- ^ Willard 2002, pp. 3–4.
- ^ Willard 2002, p. 4.
- ^ Negbi 1999, p. 8.
- ^ Monks, Keiron (3 September 2015). "Iran's homegrown treasure: the spice that costs more than gold". CNN. Retrieved 22 January 2016.
- ^ Hill 2004, p. 273.
- ^ Rau 1969, p. 35.
- ^ Lak, Daniel (11 November 1998). "Kashmiris pin hopes on saffron". BBC News. Retrieved 11 September 2011.
- ^ a b Deo 2003, p. 4. sfn error: no target: CITEREFDeo2003 (help)
- ^ a b c d e Dhar, Manoj K; Sharma, Munish; Bhat, Archana; Chrungoo, Nikhil K; Kaul, Sanjana (28 March 2017). "Functional genomics of apocarotenoids in saffron: insights from chemistry, molecular biology and therapeutic applications (Review)". Briefings in Functional Genomics. 16 (6): 336–347. doi:10.1093/bfgp/elx003. ISSN 2041-2649. PMID 28369196.
- ^ a b Amanpour, Asghar; Sonmezdag, A. Salih; Kelebek, Hasim; Selli, Serkan (2015). "GC–MS–olfactometric characterization of the most aroma-active components in a representative aromatic extract from Iranian saffron (Crocus sativus L.)". Food Chemistry. 182: 251–256. doi:10.1016/j.foodchem.2015.03.005. ISSN 0308-8146. PMID 25842335.
- ^ a b c Abdullaev 2002, p. 1. sfn error: no target: CITEREFAbdullaev2002 (help)
- ^ a b Hosseini A, Razavi BM, Hosseinzadeh H (2018). "Pharmacokinetic Properties of Saffron and its Active Components". European Journal of Drug Metabolism and Pharmacokinetics. 43 (4): 383–390. doi:10.1007/s13318-017-0449-3. PMID 29134501. S2CID 23836415.
- ^ a b McGee 2004, p. 422.
- ^ a b Leffingwell 2002, p. 1. sfn error: no target: CITEREFLeffingwell2002 (help)
- ^ Dharmananda 2005. sfn error: no target: CITEREFDharmananda2005 (help)
- ^ a b Leffingwell 2002, p. 3. sfn error: no target: CITEREFLeffingwell2002 (help)
- ^ Amjad Masood Husaini; Azra N. Kamili; M. H. Wani; Jaime A. Teixeira da Silva; G. N. Bhat (2010). Husaini, Amjad M. (ed.). Sustainable Saffron (Crocus sativus Kashmirianus) Production: Technological and Policy Interventions for Kashmir. Functional Plant Science & Biotechnology. Vol. 4. UK: Global Science Books. p. 118. ISBN 978-4-903313-67-2. ISSN 1749-0472.
- ^ Amjad Masood Husaini; Badrul Hassan; Muzaffar Y. Ghani; Jaime A. Teixeira da Silva; Nayar A. Kirmani (2010). Husaini, Amjad (ed.). Saffron (Crocus sativus Kashmirianus) Cultivation in Kashmir: Practices and Problems. Functional Plant Science & Biotechnology. Vol. 4. UK: Global Science Books. p. 110. ISBN 978-4-903313-67-2. ISSN 1749-0472.
- ^ Verma & Middha 2010, p. 1–2. sfn error: no target: CITEREFVermaMiddha2010 (help)
- ^ Hill 2004, p. 274.
- ^ Willard 2002, pp. 102–104.
- ^ "Kashmir's saffron harvest sees sharp decline". Firstpost. Retrieved 1 January 2019.
- ^ Rashid, Afshan (22 September 2018). "From 35kgs earlier to 1kg yield now, 'successful' Saffron Mission paves way for apples in Pampore". Free Press Kashmir. Retrieved 1 January 2019.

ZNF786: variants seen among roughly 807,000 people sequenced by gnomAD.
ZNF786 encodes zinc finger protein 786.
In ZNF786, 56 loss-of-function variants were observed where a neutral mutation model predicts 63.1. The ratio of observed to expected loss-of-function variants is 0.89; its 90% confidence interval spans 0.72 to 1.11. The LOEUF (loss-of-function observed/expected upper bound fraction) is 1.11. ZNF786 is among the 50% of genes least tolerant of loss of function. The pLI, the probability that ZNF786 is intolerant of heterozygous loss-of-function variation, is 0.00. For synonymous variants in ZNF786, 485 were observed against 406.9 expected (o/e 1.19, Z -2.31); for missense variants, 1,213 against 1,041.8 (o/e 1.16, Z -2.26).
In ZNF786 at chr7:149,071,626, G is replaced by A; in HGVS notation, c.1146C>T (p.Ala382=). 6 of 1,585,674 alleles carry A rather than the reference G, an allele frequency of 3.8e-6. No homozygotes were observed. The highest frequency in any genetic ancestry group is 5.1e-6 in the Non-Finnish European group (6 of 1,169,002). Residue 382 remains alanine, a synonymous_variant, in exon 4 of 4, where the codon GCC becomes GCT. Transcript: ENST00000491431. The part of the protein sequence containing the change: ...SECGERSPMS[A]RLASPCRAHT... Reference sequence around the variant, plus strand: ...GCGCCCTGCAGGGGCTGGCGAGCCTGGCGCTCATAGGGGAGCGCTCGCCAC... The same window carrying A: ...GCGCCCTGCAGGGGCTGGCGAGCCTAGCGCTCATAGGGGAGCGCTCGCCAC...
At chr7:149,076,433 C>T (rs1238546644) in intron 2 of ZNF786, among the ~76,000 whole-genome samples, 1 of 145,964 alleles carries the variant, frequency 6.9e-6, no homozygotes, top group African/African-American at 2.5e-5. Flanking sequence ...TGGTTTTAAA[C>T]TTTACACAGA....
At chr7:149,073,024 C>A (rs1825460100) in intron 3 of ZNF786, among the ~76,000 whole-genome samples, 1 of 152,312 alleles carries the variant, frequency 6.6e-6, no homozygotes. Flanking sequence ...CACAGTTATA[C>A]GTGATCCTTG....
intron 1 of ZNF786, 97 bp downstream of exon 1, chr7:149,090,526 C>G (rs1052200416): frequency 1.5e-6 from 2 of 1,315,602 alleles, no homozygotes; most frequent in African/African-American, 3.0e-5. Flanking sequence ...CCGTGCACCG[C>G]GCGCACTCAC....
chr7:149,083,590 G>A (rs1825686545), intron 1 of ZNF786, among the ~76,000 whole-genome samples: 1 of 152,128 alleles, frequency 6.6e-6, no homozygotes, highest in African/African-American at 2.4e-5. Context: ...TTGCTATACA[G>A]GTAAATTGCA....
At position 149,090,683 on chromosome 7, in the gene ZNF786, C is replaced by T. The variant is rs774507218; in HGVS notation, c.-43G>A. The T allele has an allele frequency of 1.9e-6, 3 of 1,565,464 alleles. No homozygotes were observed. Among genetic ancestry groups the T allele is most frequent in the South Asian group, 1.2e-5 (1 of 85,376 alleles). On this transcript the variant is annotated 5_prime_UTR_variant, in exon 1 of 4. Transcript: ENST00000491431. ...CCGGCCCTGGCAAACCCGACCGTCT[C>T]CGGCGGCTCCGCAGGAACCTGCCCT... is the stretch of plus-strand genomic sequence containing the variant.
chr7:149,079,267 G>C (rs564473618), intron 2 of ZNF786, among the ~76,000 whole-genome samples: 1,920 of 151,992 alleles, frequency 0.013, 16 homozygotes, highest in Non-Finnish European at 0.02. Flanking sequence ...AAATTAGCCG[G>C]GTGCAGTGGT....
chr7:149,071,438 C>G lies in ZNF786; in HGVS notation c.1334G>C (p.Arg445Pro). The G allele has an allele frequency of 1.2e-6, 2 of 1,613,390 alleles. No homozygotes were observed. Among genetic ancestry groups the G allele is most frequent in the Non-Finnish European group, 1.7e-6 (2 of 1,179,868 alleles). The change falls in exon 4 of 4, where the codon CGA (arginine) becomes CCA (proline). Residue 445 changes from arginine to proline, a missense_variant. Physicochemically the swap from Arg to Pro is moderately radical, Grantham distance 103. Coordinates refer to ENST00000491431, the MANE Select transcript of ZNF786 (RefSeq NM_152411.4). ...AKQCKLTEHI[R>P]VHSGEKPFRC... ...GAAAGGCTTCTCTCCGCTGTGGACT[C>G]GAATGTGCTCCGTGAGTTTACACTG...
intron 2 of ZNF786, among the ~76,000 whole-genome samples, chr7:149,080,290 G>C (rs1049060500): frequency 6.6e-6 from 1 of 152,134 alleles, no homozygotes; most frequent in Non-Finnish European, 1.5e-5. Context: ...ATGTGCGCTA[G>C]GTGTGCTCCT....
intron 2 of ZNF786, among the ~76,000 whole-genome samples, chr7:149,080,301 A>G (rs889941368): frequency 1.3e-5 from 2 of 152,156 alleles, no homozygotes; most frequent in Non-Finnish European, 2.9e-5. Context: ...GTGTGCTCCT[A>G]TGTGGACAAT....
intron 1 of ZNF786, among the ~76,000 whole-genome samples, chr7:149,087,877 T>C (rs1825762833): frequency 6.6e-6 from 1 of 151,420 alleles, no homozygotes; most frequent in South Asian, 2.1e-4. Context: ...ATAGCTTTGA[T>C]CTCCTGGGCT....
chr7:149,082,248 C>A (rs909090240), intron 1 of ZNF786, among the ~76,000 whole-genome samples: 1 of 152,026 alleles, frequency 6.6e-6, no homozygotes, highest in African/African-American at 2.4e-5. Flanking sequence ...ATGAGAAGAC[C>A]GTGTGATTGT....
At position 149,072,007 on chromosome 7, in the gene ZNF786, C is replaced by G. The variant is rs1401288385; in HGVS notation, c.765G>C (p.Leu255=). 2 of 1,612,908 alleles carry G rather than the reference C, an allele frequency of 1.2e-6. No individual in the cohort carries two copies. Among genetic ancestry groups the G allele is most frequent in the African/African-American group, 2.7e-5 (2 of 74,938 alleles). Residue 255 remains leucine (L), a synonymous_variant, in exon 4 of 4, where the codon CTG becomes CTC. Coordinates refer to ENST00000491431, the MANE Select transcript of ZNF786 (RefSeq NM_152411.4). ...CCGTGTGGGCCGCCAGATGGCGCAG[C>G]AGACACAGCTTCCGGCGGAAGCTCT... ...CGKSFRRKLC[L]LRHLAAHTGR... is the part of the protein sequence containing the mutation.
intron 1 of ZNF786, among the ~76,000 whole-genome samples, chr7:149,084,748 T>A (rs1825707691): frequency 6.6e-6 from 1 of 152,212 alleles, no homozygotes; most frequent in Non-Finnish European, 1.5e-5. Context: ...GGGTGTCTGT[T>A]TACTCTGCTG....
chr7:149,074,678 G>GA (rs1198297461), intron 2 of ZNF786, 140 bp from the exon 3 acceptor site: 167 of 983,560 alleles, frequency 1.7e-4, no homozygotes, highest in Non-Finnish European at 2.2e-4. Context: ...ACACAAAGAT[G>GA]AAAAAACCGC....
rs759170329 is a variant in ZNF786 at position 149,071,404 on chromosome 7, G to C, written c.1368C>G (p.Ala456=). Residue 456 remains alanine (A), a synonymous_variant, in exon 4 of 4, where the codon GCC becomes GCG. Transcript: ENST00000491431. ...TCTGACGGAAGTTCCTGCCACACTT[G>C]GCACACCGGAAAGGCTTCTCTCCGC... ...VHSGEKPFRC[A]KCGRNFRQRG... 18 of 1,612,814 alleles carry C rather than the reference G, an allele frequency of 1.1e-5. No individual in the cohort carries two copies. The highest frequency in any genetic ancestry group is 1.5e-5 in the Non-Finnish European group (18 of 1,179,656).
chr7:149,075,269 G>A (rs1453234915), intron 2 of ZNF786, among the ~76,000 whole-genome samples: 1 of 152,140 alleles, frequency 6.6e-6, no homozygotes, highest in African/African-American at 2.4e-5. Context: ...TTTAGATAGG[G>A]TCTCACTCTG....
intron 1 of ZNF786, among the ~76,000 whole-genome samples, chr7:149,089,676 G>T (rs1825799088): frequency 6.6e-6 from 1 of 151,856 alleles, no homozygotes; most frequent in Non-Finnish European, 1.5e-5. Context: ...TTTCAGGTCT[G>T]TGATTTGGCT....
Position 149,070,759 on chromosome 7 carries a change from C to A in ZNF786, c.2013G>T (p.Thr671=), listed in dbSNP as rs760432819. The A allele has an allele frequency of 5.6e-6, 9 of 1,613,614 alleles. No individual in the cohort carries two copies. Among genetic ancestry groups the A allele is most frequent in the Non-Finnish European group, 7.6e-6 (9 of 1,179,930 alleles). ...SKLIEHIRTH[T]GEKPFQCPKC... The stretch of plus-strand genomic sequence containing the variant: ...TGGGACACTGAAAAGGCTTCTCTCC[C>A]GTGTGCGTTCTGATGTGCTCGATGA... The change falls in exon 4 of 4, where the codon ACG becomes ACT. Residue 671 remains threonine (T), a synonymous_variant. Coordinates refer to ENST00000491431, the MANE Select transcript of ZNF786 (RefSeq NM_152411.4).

- ^ "Kashmiri Saffron Producers See Red over Iranian Imports". Australian Broadcasting Corp. 4 November 2003. Retrieved 29 September 2011.
- ^ Hussain, A. (28 January 2005). "Saffron Industry in Deep Distress". BBC News. London. Retrieved 15 September 2011.
- ^ Guijarro-Díez, Miguel; Castro-Puyana, María; Crego, Antonio Luis; Marina, María Luisa (1 January 2017). "Detection of saffron adulteration with gardenia extracts through the determination of geniposide by liquid chromatography-mass spectrometry". Journal of Food Composition and Analysis. 55: 30–37. doi:10.1016/j.jfca.2016.11.004.
- ^ Bishop, Stephen (26 April 2018). "Krokos Kozanis PDO". European Commission. Retrieved 16 November 2018.
- ^ a b c Willard 2002, p. 143.
- ^ Willard 2002, p. 201.
- ^ Vlahova, Veselka (2022). "SAFFRON (CROCUS SATIVUS) AS AN ALTERNATIVE CROP IN SUSTAINABLE AGRICULTURAL SYSTEMS. A REVIEW" (PDF). Scientific Papers Series Management, Economic Engineering in Agriculture and Rural Development. 22 (2): 778. Retrieved 22 September 2022.
- ^ Hassan, Firdous (19 February 2020). "Farmers Pitch For GI Tag For Kashmiri Saffron, World's Most Expensive Spice". www.indiaspend.com. Retrieved 11 March 2022.
- ^ "Kashmir's saffron gets GI tag". Hindustan Times. 25 July 2020. Retrieved 27 July 2020.
- ^ a b "Saffron". The Observatory of Economic Complexity (OEC). 2020.
- ^ "Afghanistan's red gold 'saffron' termed world's best". Saudi Arabia: Arab News. 22 December 2019.
- ^ "Moroccan saffron farmers battle knockoff spices". Saudi Arabia: Arab News. 17 December 2018.
- ^ "Global Saffron Market". behinexir company. 16 December 2019. Retrieved 23 February 2023.
- ^ Mousavi, S. Z.; Bathaie, S. Z. (2011). "Historical uses of saffron: Identifying potential new avenues for modern research". Avicenna Journal of Phytomedicine. 1 (2): 27–66.
- ^ Basker, D; Negbi, M (1983). "Uses of saffron". Journal of Economic Botany. 37 (2): 228–236. doi:10.1007/BF02858789. JSTOR 4254486. S2CID 40880131.
- ^ Dalby 2002, p. 138.
- ^ Mousavi, Z.M.; Bathaie, S. (Autumn 2011). "Historical uses of saffron: Identifying potential new avenues for modern research" (PDF). Avicenna Journal of Phytomedicine. 1: 63.
- ^ Simmons, Shirin (October 2007). A Treasury of Persian Cuisine. Stamford House Publishing. pp. 37–38. ISBN 978-1-904985-56-3.
- ^ "Persian Jewelled Rice with Lamb (Gheymeh Nesar)". 11 July 2017.
- ^ "Persian Chicken & Aubergine Stew (Bademjan-Ghooreh Mosama)". 20 August 2017.
- ^ Pickersgill, Barbara (2005). Prance, Ghillean; Nesbitt, Mark (eds.). The Cultural History of Plants. Routledge. p. 170. ISBN 0415927463.
- ^ a b Moshiri M, Vahabzadeh M, Hosseinzadeh H (2015). "Clinical Applications of Saffron (Crocus sativus) and its Constituents: A Review". Drug Research. 56 (6): 287–295. doi:10.1055/s-0034-1375681. PMID 24848002.